I have a four-year-old boy who is just now getting into “activities.” He’s started tee ball, loves riding bikes and has recently begun running around the backyard with his Fisher-Price golf clubs hitting the ball as far as he can. Watching him run around on the tee ball field and in the backyard certainly brings back memories of my own experiences. It also makes me think of other kids I’ve seen getting involved in sports, specifically golf, and how to get your child involved in the great sport that many of us will play for our entire lives.

Having worked with kids of all ages, and having a father who’s taught junior golfers for the better part of the last 25 years, we were talking the other day about kids being exposed to the game and the best ways to do so. Since we’re approaching that time of the year when school is out and summer programs are going to be starting nationwide, we put together some do’s and don’ts for junior golf.

Getting Your Child Hooked on Golf

First off, when should you start exposing your child to golf?  What does that look like? How much is too much?  Here’s what I mean by exposing: take them to the range and let them have fun, have them watch golf with you. On the range just let them hit balls with little to no instruction – a pointer here or there isn’t going to hurt, but whatever you do, don’t try to teach them the swing or make corrections. If they’re young and just getting exposed, let them hit away and, if they want to, mimic swings that they see.

So how do you know if they’re taking to the game, and if they like it? A few signals to be aware of is, first and foremost, don’t force anything on them. Let them tell you if they want to play, if they want to go to the range. If they start asking to go play golf then by all means take them. The last thing you want to do is force it, because while they might go along with it for a while, even for a few years, they will undoubtedly rebel and quite possibly walk away from the game for good. I’ve seen it happen multiple times with kids and their overbearing parents who pushed and pushed. Don’t be that parent. There’s no set age to get them started in the game, but it’s dependent on the child and their maturity level.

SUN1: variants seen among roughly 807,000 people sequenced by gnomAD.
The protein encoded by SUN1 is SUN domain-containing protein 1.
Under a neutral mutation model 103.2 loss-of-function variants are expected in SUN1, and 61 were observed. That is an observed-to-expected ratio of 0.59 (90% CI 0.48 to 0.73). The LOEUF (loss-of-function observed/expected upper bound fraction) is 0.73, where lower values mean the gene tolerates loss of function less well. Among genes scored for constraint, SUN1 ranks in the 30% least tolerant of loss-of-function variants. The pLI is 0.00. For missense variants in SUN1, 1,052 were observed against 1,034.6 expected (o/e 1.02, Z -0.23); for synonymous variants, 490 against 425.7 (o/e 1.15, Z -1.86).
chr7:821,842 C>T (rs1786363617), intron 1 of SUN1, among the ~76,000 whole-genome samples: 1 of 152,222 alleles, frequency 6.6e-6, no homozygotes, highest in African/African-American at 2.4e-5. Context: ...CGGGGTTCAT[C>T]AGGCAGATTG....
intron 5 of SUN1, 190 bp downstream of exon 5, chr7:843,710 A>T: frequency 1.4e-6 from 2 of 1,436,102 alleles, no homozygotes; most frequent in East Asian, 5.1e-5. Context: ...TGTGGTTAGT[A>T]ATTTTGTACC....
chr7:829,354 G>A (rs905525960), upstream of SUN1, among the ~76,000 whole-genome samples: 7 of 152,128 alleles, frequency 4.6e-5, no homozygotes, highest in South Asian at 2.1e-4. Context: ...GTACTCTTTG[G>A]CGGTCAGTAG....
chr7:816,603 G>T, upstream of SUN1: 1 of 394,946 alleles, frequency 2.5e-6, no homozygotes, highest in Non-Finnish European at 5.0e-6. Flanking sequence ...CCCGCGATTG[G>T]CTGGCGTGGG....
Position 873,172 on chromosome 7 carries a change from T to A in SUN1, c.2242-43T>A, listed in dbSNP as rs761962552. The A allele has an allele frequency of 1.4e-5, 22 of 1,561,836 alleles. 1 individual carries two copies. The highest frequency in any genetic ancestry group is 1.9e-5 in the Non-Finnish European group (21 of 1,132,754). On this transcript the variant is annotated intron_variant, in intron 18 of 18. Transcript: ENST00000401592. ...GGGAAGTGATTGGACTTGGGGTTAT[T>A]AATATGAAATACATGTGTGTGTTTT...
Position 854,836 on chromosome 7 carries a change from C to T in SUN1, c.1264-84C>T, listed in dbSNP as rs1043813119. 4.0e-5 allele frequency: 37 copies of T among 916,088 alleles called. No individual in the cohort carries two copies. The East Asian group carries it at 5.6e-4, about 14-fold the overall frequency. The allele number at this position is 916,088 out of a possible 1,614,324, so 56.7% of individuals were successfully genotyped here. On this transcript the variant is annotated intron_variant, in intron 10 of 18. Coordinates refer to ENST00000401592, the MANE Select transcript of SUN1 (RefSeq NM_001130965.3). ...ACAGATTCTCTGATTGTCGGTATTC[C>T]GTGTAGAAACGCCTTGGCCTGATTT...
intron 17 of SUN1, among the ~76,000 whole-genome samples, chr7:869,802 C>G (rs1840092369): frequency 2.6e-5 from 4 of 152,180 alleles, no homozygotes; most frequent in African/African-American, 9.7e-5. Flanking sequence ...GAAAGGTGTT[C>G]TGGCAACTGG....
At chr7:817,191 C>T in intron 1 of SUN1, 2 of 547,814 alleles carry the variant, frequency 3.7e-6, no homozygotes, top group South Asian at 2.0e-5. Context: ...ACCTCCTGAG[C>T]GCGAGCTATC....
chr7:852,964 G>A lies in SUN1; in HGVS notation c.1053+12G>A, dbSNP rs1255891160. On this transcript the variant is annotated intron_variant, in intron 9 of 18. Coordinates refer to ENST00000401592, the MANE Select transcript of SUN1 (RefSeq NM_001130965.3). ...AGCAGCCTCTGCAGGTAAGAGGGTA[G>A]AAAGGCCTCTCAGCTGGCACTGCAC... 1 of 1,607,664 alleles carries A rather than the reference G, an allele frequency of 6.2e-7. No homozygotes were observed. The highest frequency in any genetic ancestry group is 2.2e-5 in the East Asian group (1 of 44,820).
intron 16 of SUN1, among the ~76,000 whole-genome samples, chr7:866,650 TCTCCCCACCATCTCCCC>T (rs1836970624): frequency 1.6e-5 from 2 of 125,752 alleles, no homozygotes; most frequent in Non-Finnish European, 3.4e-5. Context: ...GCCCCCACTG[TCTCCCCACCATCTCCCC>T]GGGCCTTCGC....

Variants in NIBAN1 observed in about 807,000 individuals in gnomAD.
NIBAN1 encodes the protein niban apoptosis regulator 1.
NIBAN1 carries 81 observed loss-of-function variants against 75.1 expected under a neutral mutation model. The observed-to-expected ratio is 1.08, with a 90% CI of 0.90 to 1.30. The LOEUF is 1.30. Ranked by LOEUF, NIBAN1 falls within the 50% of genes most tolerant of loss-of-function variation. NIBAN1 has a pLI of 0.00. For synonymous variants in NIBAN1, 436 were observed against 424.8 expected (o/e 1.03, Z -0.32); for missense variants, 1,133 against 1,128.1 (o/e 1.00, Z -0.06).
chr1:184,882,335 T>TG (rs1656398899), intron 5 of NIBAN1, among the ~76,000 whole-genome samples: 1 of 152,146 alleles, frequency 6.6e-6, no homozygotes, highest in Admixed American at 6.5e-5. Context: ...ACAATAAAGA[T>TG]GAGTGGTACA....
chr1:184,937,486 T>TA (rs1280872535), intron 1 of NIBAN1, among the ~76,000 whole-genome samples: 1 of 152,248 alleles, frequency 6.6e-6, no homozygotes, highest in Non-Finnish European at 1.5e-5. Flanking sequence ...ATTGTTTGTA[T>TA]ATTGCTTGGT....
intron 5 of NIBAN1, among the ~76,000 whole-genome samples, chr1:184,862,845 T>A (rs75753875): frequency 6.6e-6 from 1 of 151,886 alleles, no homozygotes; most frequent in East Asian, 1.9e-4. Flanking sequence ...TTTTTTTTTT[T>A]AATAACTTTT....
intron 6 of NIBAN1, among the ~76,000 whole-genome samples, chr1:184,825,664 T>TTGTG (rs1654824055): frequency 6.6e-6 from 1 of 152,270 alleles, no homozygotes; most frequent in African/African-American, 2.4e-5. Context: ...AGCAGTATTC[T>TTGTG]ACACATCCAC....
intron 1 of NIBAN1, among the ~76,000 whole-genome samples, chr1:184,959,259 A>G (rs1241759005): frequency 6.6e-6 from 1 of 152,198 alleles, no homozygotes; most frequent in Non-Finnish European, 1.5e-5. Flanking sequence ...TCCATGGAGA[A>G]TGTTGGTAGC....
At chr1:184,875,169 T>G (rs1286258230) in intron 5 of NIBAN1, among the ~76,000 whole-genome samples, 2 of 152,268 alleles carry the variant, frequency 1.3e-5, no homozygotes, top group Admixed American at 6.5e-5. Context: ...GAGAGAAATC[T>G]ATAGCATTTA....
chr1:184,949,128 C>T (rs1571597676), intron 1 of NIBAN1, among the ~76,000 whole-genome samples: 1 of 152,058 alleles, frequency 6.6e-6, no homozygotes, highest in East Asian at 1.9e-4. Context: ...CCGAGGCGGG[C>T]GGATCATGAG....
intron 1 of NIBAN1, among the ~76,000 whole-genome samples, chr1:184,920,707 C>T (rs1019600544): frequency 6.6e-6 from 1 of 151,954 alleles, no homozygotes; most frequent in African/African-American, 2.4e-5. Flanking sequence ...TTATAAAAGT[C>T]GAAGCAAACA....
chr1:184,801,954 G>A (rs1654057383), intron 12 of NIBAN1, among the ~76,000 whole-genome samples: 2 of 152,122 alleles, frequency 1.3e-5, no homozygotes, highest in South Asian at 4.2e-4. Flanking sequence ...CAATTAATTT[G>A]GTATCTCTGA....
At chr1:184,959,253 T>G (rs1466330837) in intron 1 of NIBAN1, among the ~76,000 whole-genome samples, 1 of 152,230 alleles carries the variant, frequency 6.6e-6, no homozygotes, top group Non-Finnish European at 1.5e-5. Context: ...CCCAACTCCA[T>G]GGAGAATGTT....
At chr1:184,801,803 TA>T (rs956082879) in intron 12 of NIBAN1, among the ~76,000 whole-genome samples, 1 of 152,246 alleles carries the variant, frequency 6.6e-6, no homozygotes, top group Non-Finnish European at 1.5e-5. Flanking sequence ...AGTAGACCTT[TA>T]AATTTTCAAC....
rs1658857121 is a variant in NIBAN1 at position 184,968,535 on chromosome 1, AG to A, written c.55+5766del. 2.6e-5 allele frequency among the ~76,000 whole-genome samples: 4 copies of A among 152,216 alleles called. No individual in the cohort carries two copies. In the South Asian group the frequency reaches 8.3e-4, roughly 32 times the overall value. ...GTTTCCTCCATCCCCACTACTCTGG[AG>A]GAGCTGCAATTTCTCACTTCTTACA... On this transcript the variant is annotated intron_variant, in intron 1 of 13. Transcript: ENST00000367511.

Finding a Junior Golf Instructor

What, then, is the next step if they are showing interest and starting to get a little bit older? I wouldn’t recommend this until they’re 6 or 7 at the earliest, but once they showing interest, that is the time to look into getting them some formal instruction from a professional. How do you find an instructor who’s good with kids? Do some legwork to investigate some programs, and ask around. Most facilities will be proudly promoting their programs and will be happy to answer questions for you.

It’s at this stage that you’ll want to get them into camps so they can interact with other kids, learn new skills like sportsmanship, respect and honesty. It will also increase their exposure and love for the game. Learning the game with other kids will foster a sense of belonging, and independence.

Managing Expectations

Lastly, a mistake I see a lot of parents make is that if they’re child shows an interest and ability in the game is to think that they’re going to be the next Tiger Woods and that they should drop everything else and focus solely on golf. Bad idea: chances are your child is not the next Tiger and by isolating them into golf you’re denying them some very valuable experiences. Let them play other sports and experience other activities, because this aids in the development of their coordination and athletic ability. This will only serve to help them in the long run, in their future golf game, and their life paths.  

About The Author

toogood82@gmail.com'

One Response

  1. Cuevasfam6@gmail.com'
    riccue

    Great article!
    Finding a good golf instructor can be a difficult task for a parent. Therefore, a well-rounded golf training program designed specifically for juniors is usually the best idea.

    Reply

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